Capturing Reality TV in Vegas with DPA - ProSoundNetwork.com

Capturing Reality TV in Vegas with DPA

Las Vegas-based production sound mixer Rado Stefanov, whose primary line of work is reality-style television, reaches for DPA Microphones when he has to step into the boxing ring.
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Las Vegas, NV (August 9, 2016)—Las Vegas-based production sound mixer Rado Stefanov, whose primary line of work is reality-style television, reaches for DPA Microphones when he has to step into the boxing ring.

Stefanov’s reality show and scripted production credits include Pawn Stars, Counting Cars and Deadly Possessions. He also works on documentaries for Vice, HBO, UFC, FOX Sports 1 and Showtime boxing.

Working with fighters requires dialogue capture while moving through a multitude of uncommon filming conditions. As one of the first to push for and beta-test the company’s d:screet Slim Microphone, Stefanov turned to the mic for his various projects. “I feel confident miking fighters in the ring thanks to DPA’s plastic concealer for the d:screet Slim,” says Stefanov. “It protects the mic from damage and expedites my miking process.”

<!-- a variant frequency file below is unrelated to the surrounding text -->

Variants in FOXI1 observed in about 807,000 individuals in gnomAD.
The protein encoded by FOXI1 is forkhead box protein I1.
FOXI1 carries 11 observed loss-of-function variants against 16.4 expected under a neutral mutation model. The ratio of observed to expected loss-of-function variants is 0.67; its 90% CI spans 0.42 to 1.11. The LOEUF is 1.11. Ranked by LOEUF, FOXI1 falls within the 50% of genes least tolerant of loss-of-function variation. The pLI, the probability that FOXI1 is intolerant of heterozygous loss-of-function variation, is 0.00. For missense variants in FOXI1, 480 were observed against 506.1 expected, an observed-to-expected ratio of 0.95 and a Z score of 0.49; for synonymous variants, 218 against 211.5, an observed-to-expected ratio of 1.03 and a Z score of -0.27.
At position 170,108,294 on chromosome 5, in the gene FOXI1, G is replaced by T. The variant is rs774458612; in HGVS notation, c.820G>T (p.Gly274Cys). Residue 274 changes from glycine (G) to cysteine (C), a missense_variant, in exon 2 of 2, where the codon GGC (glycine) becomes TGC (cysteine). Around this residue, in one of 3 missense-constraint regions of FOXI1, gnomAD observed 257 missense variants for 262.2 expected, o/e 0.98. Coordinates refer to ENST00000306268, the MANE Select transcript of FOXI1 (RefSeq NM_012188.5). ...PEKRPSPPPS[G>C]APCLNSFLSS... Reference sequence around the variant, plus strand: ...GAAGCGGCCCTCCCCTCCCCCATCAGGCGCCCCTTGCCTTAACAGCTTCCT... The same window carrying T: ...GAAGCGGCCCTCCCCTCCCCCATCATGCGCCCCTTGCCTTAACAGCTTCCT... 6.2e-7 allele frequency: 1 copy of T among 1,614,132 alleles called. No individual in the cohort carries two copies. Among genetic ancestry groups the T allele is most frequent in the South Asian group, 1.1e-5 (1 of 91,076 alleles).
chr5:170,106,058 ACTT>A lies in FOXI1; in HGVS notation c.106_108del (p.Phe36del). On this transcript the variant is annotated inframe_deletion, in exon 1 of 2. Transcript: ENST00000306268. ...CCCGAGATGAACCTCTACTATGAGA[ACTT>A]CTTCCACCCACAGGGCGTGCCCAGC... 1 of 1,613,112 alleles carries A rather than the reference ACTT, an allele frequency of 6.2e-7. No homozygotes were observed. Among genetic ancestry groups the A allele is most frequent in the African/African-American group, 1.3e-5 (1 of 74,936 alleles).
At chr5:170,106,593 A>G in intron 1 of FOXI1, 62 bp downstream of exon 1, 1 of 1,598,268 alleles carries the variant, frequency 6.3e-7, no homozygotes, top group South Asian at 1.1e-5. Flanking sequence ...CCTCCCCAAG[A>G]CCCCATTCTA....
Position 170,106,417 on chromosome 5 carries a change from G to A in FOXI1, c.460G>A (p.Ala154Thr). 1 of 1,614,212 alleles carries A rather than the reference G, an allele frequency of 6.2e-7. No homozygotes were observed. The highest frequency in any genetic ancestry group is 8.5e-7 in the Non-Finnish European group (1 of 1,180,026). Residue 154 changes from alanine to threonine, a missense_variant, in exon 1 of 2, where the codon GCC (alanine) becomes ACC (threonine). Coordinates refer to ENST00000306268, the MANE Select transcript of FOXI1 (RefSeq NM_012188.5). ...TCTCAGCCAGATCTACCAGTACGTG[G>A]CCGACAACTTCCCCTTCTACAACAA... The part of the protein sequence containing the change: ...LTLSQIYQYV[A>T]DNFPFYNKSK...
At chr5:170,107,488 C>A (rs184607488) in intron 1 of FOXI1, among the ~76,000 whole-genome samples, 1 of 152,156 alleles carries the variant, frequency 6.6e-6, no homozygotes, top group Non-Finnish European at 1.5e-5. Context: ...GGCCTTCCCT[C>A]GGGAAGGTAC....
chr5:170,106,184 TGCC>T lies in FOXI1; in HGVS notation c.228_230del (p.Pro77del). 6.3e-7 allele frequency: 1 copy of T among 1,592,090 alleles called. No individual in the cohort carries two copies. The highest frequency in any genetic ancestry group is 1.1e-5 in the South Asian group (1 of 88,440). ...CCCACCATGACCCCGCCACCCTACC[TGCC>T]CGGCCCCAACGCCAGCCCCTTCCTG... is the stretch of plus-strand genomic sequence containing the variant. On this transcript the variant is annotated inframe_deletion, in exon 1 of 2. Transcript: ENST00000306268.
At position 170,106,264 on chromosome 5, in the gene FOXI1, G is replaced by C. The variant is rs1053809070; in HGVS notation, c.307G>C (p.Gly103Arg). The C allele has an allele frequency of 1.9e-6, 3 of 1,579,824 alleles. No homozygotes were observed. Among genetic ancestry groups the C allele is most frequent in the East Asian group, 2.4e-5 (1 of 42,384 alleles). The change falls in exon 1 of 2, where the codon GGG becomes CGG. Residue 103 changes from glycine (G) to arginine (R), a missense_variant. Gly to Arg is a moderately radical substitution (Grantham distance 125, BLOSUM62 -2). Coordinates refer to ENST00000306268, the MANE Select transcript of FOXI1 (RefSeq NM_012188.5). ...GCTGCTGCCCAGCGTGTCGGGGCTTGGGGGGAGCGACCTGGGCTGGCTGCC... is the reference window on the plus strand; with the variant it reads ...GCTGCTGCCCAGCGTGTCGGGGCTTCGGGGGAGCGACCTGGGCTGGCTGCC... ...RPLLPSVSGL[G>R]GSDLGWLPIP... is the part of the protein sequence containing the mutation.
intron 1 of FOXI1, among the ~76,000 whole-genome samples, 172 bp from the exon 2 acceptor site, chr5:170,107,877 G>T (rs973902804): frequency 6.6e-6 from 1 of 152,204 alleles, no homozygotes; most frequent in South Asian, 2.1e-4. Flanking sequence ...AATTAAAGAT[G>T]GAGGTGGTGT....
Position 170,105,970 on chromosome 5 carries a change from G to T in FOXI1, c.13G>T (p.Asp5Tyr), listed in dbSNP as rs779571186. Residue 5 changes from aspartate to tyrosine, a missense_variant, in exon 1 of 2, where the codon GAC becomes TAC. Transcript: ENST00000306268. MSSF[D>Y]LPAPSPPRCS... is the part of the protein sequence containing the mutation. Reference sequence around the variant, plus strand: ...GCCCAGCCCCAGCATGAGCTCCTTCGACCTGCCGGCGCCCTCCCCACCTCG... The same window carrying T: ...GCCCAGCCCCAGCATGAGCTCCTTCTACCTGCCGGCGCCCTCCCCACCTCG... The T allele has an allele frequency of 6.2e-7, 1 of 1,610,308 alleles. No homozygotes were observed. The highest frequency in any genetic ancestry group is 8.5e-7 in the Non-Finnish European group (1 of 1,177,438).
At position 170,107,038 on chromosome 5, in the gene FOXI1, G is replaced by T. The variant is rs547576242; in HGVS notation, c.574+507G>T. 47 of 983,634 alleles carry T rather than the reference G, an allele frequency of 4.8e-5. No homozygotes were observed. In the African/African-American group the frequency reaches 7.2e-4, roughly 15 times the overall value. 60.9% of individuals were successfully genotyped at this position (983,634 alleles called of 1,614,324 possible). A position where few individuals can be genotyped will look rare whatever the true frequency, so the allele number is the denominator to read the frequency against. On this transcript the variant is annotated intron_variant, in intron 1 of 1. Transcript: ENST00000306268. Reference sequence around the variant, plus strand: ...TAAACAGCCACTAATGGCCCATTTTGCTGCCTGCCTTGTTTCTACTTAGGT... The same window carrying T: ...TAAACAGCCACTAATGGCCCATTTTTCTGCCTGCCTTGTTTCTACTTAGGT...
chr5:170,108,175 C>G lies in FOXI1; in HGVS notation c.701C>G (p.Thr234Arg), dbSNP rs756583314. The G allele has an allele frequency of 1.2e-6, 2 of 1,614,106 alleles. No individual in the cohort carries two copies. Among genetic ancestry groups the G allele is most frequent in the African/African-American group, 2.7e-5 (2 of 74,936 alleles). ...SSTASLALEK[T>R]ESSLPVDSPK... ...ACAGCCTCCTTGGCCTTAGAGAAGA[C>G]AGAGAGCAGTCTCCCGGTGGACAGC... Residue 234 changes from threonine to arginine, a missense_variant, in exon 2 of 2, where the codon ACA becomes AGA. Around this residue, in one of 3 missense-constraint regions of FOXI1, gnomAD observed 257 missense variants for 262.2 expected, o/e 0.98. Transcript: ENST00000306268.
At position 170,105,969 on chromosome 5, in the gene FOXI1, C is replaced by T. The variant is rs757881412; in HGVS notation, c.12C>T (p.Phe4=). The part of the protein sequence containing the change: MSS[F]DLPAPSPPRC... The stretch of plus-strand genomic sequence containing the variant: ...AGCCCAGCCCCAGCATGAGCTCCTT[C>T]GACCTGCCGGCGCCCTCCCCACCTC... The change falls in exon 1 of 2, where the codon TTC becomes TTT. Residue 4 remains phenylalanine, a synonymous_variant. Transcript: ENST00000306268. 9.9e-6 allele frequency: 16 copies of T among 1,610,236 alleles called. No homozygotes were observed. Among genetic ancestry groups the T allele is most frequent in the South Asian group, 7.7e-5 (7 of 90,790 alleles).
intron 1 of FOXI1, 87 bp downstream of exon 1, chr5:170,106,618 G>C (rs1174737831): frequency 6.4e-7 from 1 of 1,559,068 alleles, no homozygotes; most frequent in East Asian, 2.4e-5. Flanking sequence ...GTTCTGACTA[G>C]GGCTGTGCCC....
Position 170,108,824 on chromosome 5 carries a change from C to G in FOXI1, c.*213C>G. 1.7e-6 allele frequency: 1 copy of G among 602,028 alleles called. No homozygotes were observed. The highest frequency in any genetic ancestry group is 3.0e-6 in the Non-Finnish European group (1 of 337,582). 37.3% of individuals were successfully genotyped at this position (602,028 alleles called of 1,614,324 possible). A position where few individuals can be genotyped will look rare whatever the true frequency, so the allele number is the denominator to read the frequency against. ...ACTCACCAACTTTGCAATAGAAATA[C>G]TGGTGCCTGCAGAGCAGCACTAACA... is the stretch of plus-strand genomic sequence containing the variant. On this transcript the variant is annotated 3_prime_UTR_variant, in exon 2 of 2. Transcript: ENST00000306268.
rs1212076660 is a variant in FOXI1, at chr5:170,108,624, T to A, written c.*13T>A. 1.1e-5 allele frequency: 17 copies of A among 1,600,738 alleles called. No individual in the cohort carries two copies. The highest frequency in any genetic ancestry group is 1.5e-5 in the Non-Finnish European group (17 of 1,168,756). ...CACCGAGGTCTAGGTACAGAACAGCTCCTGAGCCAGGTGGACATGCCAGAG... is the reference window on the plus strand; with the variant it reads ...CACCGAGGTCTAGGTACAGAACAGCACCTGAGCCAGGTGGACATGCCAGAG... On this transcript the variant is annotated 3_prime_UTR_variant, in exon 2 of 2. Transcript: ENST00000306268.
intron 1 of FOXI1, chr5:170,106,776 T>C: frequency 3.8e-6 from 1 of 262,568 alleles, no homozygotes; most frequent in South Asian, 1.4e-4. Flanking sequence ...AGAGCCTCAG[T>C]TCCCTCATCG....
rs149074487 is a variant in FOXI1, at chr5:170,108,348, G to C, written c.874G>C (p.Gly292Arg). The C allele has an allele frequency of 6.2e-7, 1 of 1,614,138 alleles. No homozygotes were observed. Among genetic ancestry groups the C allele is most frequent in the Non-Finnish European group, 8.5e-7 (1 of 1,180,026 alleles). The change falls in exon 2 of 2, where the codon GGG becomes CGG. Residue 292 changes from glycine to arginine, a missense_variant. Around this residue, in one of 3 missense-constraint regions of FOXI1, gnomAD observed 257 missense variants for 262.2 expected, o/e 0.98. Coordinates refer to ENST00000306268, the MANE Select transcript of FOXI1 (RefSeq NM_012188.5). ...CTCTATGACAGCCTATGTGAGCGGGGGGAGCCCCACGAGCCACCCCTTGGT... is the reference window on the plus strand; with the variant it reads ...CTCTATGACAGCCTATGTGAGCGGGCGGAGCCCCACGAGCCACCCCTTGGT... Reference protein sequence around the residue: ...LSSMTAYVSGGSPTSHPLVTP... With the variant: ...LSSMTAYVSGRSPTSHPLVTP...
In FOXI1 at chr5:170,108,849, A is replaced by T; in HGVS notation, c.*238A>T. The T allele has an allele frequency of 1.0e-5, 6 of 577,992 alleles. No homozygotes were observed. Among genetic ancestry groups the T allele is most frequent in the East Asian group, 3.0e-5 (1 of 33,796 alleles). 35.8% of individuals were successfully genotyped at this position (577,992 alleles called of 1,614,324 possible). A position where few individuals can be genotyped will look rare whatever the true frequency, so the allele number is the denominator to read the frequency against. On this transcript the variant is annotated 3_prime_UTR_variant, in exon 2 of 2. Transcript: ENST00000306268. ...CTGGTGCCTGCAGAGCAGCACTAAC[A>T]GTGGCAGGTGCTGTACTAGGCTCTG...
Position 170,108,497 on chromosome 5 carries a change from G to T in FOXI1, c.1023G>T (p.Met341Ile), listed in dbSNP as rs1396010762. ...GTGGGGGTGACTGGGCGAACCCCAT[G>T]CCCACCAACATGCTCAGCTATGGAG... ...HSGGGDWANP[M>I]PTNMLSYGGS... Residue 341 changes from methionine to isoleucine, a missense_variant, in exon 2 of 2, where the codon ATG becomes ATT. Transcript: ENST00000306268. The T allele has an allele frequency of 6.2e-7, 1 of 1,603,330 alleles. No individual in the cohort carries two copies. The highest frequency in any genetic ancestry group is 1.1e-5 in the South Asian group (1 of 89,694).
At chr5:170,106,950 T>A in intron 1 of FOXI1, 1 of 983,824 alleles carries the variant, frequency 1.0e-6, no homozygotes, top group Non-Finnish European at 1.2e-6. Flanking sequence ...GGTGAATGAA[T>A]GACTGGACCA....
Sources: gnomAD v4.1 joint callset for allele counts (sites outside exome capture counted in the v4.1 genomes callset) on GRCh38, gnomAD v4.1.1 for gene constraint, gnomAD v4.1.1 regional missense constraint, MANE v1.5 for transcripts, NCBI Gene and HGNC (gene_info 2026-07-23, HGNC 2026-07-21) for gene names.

Another feature Stefanov appreciates the d:screet Slim and other DPA bodyworn microphones when working in noisy Las Vegas locations. “Many producers will say they prefer to use boom microphones as opposed to lavaliers, but what they don’t realize is the bodyworn mics from DPA will always sound better than booms when used in noisy, uncontrolled locations,” adds Stefanov. “As far as sound quality is concerned, all the DPA miniature microphones produce sound quality that is on par with traditional booms, while also reducing background noise.”

For Stefanov, his work in reality and documentary productions makes him especially drawn to miniature microphones. “I don’t like to use boom microphones in busy areas, like Las Vegas,” he says. “I don’t want to attract attention by waving a boom up in the air. Also, it is better for the cameras because you’re not in the frame all of the time. You can move freely and can also be on the sides of the shot without attracting any attention.”

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